By Joe Ballent
My summers of working at Holiday River Expeditions taught me worlds about life in the desert. The desert is a great teacher, and as any Holiday guest can attest, it leaves one with many lessons to contemplate; awe at the power of nature, joy at the freedom of casting off civilized restraints, wonder at the sheer magnitude of the environment that engulfs us. At the heart of Holiday’s core commitments to guests, nature, and the desert ecosystem we cherish, is a devotion to preserving the natural environment as it has been preserved for us all these years. I was first introduced to Leave No Trace ethics as a teen on a youth trip, but had those principles periodically re-instilled in me by Holiday. Leave No Trace is a company devoted to spreading awareness and standardizing principles regarding interacting with the environment with as little of a footprint as possible. LNT and what they stand for is known throughout the outdoor world and to any backcountry outfitter serious about respecting the wilderness.
One of Leave No Trace’s pillars of education and awareness is their Seven Principles standard. It encompasses a wide range of areas of backcountry adventure with the goal of maintaining a high level of respect for the outdoors and the natural order of the ecosystems we explore, not to mention an additional emphasis on safety.
Plan Ahead And Prepare
LNT advises along broad trip lines such as developing contingency plans and preparing for the worst, while also addressing small-scale details like recommending repackaging food to cut down on waste.
Travel and Camp on Durable Surfaces
LNT makes specific mention of the riparian zone, which is the lush ecosystem in the immediate vicinity of the water corridor. In the Utah desert, the riparian zone makes up a single-digit percentage of the total land, but harbors over 80% of the living species. Holiday takes care to camp in established, permitted campgrounds and guides educate guests on how to minimize impact on these campgrounds.
Dispose of Waste Properly
The concept is simple; if you bring it in, bring it out. It’s emphasized to Holiday guides to manage micro trash (bits of food that can cause ant population explosions at camp) and recycle with vigor. Holiday boasts its own compost area for organic waste.
Leave What You Find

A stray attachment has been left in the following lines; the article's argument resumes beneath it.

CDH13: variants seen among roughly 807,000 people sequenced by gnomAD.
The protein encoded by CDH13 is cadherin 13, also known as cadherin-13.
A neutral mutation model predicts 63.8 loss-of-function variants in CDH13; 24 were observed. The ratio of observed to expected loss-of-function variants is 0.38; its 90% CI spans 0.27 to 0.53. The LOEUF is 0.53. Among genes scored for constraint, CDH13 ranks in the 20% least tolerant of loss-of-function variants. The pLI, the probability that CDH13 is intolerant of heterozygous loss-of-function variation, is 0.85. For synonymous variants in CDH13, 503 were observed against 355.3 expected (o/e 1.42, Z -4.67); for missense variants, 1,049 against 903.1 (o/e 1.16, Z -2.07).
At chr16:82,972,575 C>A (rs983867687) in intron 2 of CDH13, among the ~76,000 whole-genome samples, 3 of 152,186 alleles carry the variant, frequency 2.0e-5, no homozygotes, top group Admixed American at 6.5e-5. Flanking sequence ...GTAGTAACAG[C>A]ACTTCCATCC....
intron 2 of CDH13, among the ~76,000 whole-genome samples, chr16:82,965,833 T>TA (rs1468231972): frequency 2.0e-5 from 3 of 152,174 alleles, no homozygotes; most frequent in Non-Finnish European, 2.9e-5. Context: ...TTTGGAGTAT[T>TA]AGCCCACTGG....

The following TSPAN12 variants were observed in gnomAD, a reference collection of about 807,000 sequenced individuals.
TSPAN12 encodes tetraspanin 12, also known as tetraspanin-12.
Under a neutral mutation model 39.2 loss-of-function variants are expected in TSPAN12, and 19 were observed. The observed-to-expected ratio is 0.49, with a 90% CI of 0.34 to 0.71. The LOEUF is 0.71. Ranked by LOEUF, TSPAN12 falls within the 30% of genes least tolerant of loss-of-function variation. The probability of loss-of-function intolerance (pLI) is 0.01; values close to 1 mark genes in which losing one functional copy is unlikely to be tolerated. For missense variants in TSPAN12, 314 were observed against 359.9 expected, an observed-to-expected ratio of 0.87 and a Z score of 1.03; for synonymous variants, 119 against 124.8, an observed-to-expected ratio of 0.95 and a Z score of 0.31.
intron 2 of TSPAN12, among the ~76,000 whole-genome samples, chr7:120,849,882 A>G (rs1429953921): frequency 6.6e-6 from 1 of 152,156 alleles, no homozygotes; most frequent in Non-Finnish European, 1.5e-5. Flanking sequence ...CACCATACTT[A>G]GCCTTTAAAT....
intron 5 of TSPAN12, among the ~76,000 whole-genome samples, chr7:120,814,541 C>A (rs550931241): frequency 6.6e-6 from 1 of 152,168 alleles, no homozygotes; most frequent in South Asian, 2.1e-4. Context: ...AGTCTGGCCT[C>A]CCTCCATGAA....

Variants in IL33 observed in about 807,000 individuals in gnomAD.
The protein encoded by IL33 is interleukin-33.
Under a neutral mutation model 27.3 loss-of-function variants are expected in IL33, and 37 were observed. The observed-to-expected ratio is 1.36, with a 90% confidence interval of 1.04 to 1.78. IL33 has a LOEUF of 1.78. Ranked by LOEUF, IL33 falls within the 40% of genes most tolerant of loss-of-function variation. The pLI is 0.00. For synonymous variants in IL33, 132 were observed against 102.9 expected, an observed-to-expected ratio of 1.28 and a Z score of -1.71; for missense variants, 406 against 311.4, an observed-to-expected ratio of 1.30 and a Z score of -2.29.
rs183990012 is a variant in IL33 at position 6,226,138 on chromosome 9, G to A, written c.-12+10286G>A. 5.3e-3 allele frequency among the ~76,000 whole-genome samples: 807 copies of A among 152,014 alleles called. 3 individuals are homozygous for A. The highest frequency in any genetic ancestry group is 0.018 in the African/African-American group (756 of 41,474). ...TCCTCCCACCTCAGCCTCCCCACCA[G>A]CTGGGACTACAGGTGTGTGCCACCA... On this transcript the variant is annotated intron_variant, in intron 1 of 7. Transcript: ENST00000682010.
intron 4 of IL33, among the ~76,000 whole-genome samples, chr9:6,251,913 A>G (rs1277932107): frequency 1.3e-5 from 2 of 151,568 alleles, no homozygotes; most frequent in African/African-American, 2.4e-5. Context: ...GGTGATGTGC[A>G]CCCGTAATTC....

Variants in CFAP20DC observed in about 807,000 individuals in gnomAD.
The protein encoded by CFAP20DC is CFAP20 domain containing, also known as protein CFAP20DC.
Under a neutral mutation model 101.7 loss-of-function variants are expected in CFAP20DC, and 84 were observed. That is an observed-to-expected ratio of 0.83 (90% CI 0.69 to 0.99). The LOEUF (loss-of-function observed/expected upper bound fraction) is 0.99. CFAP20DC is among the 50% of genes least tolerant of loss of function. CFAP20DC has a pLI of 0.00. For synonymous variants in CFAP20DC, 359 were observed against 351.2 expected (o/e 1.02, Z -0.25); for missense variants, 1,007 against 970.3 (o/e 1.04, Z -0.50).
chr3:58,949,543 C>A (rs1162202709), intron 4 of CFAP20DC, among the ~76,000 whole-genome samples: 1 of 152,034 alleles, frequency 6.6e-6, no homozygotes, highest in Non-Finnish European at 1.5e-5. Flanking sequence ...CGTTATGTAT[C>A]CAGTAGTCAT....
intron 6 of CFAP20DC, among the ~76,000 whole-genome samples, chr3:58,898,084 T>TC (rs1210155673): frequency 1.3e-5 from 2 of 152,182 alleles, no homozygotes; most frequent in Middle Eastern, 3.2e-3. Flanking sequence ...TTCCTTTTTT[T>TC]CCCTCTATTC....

At the Green River warehouse, Holiday displays a ‘worthless metate,’ or Native American grinding stone that was removed from its natural environment by an unknown and over-eager explorer. Without the context clues of its home, the metate loses meaning and historical significance. Dee Holladay himself emphasized this to me and our fellow guides, while also taking care to point out special tucked-away finds like a fossilized turtle shell; all with the understanding that we maintained an honest respect for these artifacts and their resting places.
Minimize Campfire Impacts
To one group of travelers, a single fire may not seem like much. But multiply the coal and ash by every group passing through a campsite every night for the season year after year, and the impact starts to add up. Holiday takes care to remove fire waste as well, as much for environmental stewardship as for safety.
The southwestern desert often showcases some of its toughest survivors, including bighorn sheep and even black bears. I’ve been fortunate on my Holiday adventures to experience wildlife in its natural habitat, and have encouraged my guests to take care to observe, but not interfere.
Be Considerate Of Other Visitors
This one seems like a no brainer, but given that human traffic can be one of the most disruptive factors in the wild desert, it makes sense to maintain respect for other traveling groups. This ranges from maintaining campsite boundaries to boat spacing, sharing rapid scout information amongst guides to watching noise levels at night.
Leave No Trace principles fit into Holiday River Expeditions’ vision of respect and stewardship ideally, which has factored into this family-owned company’s reputation for decades of successful river adventures. As always, Go With The Flow. Looking forward to seeing you out there!
Joe Ballent found the river- or it found him –when he was only 16. He began guiding with Holiday in 2008 and has enjoyed the unique privilege of getting involved with Holiday’s youth trips, including the University of Utah Hospital Burn Camp program. His writing has been featured on various outdoor online communities including mountaintechs.com and backcountrybeacon.com. Joe works with troubled teens full-time but manages to find trouble around the country and world in his freetime. He is an outdoorsman by trade, a romantic by choice, a guitarist in a band, and an outlaw in Europe.Blog Home